Sunday, March 04, 2007

On my 35th birthday, my friend Peter gave me a commander mallet that he made himself from an 8x8 piece of western larch and a hardwood handle. Below, you can see me holding the commander while standing next to Peter.

My dad also sent me some really cool tools: a complete set of 3 very nice calipers: interior, exterior and a point-to-point. He also sent me a nifty centering ruler for quickly finding the center of a timber. Thanks, Dad!!!




Below are some pictures of my workshop. You can see that I haven't stacked all of the timbers on stickers yet. I'll probably get to that next week.

Jon has been doing an excellent job milling, and every week or two I've been picking up 10 or so freshly-milled timbers. Immediately below you can see a pile of hastily-stacked timbers, mostly 4x7s of various species, including a couple doug fir 7x7s.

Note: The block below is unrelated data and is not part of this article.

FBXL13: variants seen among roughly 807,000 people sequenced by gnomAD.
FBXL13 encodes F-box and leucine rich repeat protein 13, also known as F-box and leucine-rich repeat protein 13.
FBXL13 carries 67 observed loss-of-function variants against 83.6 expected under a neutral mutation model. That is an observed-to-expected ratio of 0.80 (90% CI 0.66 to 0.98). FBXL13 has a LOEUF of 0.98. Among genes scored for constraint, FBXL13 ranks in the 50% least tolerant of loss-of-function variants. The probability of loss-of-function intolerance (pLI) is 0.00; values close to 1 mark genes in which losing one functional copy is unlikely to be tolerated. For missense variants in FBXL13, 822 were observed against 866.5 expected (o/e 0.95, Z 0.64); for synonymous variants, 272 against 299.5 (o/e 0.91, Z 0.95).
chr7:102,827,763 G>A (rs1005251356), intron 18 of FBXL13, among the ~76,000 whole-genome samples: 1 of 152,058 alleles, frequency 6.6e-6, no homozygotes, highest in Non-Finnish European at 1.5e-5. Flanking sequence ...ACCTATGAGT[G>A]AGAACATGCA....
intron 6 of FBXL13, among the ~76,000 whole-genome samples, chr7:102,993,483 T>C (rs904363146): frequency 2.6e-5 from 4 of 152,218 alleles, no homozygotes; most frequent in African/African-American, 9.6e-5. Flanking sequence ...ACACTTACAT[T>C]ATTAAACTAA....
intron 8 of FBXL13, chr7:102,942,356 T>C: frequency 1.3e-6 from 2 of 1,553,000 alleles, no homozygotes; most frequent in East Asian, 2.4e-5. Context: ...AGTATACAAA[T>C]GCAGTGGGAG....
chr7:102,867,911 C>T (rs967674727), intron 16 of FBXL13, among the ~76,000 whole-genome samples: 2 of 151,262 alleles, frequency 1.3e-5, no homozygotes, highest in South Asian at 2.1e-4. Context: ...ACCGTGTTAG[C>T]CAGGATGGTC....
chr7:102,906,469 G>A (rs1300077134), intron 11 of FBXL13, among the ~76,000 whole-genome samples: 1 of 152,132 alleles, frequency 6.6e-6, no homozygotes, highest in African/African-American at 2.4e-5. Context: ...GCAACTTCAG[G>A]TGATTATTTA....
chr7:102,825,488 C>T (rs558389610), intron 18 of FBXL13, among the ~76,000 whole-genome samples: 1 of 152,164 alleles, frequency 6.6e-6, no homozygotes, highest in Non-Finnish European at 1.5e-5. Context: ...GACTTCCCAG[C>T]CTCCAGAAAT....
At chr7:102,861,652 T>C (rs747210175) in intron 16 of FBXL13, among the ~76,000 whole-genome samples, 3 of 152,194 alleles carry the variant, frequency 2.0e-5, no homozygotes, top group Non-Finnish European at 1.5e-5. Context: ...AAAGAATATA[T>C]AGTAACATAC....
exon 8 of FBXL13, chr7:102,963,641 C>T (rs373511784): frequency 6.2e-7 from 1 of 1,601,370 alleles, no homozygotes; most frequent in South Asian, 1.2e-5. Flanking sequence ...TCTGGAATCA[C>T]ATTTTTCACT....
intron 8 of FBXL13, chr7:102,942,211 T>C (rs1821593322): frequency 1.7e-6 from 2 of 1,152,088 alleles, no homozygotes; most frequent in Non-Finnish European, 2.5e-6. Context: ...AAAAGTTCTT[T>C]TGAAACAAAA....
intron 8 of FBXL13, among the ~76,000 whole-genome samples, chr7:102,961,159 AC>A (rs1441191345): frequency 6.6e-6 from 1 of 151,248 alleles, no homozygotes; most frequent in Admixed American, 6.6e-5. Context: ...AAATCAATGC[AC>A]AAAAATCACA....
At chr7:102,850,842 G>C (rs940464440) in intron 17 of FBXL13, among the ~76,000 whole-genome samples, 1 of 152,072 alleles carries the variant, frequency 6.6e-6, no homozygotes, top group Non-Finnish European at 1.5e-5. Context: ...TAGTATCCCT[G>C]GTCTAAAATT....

Below, you can see a hand-made carving bench made by Nils Peterson. I've been making pegs from Birch and Tamarack using the carving bench. Here, on the bench, you can see some roughed birch pegs that I am about to shape with a spokeshave.



Jon has been making nominal 2x4 and 2x7 boards and planks when he mills. Below, you can see them up on stickers in my shop:



Jon has been doing a great, great job milling these timbers. Below, you can see some 7x9, 4x7, and 7x7 fir and pine timbers on stickers. The ends of these timbers are a bit grimy, since I didn't cover them properly when I transported them from Troy to Moscow, and they got road funk on them. I have since learned my lesson, and have employed tarpology to protect them from road grime.




Below, the unstacked/unstickered timbers to the left are the most recent. These were made from the spruce that we recently removed in our backyard. The timbers are beautiful, although a bit knotty. Spruce is light: light in color and light in weight. Its amazing how insubstantial a spruce 7x7 is compared to fir and even pine.












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